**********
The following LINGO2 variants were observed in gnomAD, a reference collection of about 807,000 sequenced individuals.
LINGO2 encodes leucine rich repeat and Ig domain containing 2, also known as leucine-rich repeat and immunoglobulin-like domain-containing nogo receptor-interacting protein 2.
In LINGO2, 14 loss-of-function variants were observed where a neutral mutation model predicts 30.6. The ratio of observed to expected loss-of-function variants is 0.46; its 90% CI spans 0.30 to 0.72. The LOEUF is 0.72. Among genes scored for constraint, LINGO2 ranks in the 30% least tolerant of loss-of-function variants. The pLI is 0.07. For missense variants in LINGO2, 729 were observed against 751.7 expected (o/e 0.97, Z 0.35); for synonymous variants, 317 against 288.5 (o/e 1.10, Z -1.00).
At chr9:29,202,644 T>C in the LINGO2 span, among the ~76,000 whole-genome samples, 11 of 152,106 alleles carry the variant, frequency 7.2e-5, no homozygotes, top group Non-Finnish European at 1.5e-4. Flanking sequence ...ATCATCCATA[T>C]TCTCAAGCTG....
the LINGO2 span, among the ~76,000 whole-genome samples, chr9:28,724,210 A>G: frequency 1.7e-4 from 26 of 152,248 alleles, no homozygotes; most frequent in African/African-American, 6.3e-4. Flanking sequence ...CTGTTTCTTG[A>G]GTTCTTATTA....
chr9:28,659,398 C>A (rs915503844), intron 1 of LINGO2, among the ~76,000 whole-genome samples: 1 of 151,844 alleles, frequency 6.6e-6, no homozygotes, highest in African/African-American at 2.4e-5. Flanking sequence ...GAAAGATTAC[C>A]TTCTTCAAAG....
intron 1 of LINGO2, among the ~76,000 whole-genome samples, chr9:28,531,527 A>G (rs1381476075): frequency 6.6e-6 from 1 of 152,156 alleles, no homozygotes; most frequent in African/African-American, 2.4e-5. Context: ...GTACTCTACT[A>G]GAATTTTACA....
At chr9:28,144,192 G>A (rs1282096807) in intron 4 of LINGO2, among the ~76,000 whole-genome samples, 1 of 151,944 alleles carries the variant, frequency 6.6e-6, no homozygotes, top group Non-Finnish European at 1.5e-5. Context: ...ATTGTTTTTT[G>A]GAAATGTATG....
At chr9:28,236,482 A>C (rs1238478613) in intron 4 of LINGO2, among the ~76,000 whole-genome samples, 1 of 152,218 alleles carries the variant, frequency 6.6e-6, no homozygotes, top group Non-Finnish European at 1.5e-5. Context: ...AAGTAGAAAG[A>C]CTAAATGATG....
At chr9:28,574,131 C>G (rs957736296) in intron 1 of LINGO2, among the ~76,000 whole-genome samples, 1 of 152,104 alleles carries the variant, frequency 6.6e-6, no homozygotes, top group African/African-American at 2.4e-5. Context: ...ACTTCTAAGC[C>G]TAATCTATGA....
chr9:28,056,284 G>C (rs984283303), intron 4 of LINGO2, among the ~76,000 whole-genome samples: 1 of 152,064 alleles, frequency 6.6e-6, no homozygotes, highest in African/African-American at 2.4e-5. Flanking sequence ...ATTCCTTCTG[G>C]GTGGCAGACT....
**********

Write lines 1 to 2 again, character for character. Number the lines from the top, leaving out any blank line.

The following LINGO2 variants were observed in gnomAD, a reference collection of about 807,000 sequenced individuals.
LINGO2 encodes leucine rich repeat and Ig domain containing 2, also known as leucine-rich repeat and immunoglobulin-like domain-containing nogo receptor-interacting protein 2.